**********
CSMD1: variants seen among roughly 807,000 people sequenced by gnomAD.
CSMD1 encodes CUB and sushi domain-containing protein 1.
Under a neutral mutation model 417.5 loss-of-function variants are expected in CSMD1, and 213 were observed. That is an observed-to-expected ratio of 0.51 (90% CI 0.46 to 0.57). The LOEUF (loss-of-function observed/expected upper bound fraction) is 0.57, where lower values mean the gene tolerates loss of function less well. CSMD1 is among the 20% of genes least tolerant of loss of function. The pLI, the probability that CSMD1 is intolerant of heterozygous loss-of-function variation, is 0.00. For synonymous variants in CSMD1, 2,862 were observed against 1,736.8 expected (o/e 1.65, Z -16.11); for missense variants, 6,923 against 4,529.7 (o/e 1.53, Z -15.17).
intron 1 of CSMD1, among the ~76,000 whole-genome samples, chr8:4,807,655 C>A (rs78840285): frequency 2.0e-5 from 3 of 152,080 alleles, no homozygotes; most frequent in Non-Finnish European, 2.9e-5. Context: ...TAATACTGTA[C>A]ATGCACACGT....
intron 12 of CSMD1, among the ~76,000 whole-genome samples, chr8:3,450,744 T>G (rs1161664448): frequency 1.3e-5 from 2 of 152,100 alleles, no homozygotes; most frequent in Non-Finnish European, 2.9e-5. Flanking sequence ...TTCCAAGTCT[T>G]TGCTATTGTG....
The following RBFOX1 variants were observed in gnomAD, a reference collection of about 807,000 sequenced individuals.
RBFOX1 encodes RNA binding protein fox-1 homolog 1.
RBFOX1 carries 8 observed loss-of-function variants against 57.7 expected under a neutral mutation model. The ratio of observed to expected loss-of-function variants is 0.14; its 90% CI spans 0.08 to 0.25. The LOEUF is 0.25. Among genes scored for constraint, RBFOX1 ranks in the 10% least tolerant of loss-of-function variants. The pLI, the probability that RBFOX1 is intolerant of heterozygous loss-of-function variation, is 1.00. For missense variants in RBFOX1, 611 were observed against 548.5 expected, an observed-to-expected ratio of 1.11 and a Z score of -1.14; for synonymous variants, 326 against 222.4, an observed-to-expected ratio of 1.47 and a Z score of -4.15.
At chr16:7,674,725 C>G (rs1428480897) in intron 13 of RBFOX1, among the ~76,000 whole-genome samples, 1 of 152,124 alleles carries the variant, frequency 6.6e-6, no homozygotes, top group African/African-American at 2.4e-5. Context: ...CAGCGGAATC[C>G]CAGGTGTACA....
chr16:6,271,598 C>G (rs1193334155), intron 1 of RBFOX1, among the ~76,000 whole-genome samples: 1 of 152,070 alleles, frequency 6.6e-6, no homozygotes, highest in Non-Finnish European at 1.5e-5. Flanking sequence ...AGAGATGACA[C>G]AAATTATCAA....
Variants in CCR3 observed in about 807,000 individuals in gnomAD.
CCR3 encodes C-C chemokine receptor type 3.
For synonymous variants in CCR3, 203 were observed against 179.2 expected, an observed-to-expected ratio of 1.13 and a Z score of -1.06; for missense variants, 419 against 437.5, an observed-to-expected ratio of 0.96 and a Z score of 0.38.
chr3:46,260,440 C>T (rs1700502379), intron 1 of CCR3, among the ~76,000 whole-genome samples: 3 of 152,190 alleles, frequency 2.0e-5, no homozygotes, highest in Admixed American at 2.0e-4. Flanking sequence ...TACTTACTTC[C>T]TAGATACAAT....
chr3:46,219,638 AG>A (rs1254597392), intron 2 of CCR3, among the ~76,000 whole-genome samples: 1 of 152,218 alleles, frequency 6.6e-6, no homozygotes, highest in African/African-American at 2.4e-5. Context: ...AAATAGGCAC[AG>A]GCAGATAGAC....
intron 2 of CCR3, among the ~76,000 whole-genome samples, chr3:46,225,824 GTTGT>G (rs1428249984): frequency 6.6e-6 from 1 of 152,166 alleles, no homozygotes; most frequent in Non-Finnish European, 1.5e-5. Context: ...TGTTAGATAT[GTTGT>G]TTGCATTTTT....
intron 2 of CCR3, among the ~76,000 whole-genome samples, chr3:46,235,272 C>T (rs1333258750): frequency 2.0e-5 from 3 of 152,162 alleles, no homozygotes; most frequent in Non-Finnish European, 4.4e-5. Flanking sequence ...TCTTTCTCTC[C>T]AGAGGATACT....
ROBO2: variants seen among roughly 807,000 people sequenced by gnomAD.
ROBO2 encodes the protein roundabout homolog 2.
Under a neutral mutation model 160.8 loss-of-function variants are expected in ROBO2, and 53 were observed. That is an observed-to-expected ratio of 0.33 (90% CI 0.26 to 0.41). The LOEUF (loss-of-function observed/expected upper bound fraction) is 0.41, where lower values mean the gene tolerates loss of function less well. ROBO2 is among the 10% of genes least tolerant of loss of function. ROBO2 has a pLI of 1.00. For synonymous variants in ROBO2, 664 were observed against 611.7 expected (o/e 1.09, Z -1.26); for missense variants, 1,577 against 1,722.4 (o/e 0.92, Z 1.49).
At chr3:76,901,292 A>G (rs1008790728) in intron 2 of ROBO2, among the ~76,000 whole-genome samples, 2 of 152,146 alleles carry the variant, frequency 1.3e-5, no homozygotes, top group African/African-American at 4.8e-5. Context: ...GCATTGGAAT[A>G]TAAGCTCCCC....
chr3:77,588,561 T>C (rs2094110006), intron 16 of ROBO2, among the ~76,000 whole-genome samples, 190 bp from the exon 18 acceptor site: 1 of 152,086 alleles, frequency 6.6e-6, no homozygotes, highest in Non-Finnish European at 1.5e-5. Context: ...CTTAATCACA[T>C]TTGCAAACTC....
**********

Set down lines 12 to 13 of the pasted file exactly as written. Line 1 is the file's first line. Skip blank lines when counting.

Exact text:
CCR3 encodes C-C chemokine receptor type 3.
For synonymous variants in CCR3, 203 were observed against 179.2 expected, an observed-to-expected ratio of 1.13 and a Z score of -1.06; for missense variants, 419 against 437.5, an observed-to-expected ratio of 0.96 and a Z score of 0.38.